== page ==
New Work Opportunities with Machine Learning

By John Paul Mueller, Luca Massaron

You can find more than a few articles that discuss the loss of jobs that machine learning and its associated technologies will cause. Robots already perform a number of tasks that used to employ humans, and this usage will increase over time. You must have also considered how those new uses could potentially cost you or a loved one a job. Some authors have gone so far as to say that the future might hold a scenario in which learning new skills might not guarantee a job.

The fact of the matter is that deciding just how machine learning will affect the work environment is hard, just as it was hard for people to see where the industrial revolution would take people in the way of mass-producing goods for the general consumer. Just as those workers needed to find new jobs, so people facing loss of occupation to machine learning today will need to find new jobs.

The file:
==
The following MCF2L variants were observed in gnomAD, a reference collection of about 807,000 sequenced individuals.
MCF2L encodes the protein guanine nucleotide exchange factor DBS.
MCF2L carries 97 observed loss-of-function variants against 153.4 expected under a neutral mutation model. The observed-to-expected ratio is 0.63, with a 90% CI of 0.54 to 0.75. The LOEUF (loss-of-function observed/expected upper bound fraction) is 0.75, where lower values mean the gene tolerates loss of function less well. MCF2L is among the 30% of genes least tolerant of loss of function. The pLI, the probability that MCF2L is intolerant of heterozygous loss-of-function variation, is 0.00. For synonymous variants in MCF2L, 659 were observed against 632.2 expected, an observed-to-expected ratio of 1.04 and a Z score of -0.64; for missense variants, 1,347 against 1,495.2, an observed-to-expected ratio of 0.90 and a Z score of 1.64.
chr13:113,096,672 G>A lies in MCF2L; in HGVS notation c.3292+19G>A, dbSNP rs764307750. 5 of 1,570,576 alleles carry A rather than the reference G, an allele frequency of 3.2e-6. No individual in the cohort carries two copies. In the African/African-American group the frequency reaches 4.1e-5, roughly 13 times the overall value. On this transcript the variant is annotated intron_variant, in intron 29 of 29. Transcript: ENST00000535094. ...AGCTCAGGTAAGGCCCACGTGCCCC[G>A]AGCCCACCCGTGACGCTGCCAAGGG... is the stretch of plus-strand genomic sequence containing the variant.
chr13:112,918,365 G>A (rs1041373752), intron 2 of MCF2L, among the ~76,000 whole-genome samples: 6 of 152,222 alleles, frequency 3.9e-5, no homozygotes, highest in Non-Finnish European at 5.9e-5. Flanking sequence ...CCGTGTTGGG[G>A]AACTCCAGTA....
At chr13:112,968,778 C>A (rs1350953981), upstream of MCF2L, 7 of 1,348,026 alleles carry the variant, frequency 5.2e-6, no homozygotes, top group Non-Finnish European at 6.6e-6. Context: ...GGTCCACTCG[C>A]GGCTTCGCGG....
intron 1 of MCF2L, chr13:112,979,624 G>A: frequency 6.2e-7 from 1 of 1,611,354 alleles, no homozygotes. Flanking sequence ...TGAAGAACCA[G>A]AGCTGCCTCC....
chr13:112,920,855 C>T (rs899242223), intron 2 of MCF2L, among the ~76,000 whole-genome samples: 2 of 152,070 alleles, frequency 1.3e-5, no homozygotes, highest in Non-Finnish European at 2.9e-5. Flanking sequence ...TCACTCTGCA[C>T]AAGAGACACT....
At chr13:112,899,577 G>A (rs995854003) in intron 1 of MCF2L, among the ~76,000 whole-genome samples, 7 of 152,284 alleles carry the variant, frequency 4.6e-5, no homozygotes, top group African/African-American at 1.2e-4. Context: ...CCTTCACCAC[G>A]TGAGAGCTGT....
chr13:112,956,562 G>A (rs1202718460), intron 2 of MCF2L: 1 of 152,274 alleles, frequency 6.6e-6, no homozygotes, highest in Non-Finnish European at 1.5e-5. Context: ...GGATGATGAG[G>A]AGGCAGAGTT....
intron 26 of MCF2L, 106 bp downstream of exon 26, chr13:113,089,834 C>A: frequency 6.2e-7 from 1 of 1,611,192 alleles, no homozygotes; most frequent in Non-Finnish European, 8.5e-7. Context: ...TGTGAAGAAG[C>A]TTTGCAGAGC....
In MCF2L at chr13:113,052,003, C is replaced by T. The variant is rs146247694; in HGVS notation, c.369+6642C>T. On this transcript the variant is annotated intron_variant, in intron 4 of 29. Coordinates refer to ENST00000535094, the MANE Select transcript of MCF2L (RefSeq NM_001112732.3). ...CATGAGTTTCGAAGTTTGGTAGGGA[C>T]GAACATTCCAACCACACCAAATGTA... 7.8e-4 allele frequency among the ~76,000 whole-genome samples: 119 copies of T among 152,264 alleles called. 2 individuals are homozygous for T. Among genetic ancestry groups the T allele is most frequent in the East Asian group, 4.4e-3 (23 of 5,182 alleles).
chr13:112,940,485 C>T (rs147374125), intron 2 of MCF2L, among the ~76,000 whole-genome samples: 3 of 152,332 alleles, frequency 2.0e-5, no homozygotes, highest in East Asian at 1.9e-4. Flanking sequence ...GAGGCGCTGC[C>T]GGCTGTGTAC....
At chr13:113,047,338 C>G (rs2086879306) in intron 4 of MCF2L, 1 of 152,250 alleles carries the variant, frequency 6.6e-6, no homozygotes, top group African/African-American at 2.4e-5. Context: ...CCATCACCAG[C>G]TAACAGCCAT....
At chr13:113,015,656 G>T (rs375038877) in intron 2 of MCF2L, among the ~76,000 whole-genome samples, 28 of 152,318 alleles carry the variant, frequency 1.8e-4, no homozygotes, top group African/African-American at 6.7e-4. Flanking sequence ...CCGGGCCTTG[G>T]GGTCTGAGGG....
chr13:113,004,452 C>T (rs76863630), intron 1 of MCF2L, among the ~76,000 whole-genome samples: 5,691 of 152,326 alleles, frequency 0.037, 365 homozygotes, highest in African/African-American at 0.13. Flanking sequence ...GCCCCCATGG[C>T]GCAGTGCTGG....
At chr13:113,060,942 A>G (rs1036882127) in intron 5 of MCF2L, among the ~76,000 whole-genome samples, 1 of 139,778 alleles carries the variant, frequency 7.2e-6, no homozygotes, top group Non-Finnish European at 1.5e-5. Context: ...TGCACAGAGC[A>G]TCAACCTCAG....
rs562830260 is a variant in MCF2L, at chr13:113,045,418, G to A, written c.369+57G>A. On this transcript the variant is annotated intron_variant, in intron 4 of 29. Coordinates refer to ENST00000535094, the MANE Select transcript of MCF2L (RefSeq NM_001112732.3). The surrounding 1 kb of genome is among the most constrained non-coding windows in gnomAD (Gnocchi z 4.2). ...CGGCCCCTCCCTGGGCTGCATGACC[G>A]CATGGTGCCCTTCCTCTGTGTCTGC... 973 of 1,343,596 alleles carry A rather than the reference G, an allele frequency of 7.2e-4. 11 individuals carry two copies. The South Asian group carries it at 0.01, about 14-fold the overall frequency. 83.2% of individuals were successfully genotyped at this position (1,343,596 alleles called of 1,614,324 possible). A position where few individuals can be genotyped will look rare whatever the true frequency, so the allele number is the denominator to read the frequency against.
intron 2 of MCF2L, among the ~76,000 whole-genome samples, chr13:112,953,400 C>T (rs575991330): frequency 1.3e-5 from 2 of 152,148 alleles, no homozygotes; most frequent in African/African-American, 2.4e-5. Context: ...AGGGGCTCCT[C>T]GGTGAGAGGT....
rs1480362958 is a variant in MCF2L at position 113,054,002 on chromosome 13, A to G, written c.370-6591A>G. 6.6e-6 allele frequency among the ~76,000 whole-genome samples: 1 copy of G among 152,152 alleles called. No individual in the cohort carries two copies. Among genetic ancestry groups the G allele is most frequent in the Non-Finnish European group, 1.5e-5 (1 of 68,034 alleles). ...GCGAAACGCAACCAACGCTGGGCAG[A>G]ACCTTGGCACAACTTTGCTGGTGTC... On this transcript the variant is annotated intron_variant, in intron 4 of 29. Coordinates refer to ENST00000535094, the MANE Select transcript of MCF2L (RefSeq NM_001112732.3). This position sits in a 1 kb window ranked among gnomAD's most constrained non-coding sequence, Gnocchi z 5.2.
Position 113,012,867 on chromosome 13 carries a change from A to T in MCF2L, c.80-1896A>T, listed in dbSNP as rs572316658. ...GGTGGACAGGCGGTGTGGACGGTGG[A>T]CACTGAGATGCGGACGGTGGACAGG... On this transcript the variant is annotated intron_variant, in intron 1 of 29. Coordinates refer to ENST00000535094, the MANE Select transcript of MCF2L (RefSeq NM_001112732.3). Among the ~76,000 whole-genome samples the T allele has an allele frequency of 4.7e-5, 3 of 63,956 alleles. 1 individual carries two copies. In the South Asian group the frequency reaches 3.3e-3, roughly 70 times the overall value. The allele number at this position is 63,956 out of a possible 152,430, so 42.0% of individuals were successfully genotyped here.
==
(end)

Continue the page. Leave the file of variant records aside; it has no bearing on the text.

Working for a machine

It’s entirely possible that you’ll find yourself working for a machine in the future. In fact, you might already work for a machine and not know it. Some companies already use machine learning to analyze business processes and make them more efficient. For example, Hitachi currently uses such a setup in middle management.

In this case, the AI actually issues the work orders based on its analysis of the workflow — just as a human middle manager might do. The difference is that the AI is actually eight percent more efficient than the humans it replaces. In another case, Amazon ran a contest among machine learning experts to figure out whether the company could better process employee authorization processes automatically using machine learning. Again, the point was to figure out how to replace middle management and cut a bit of the red tape.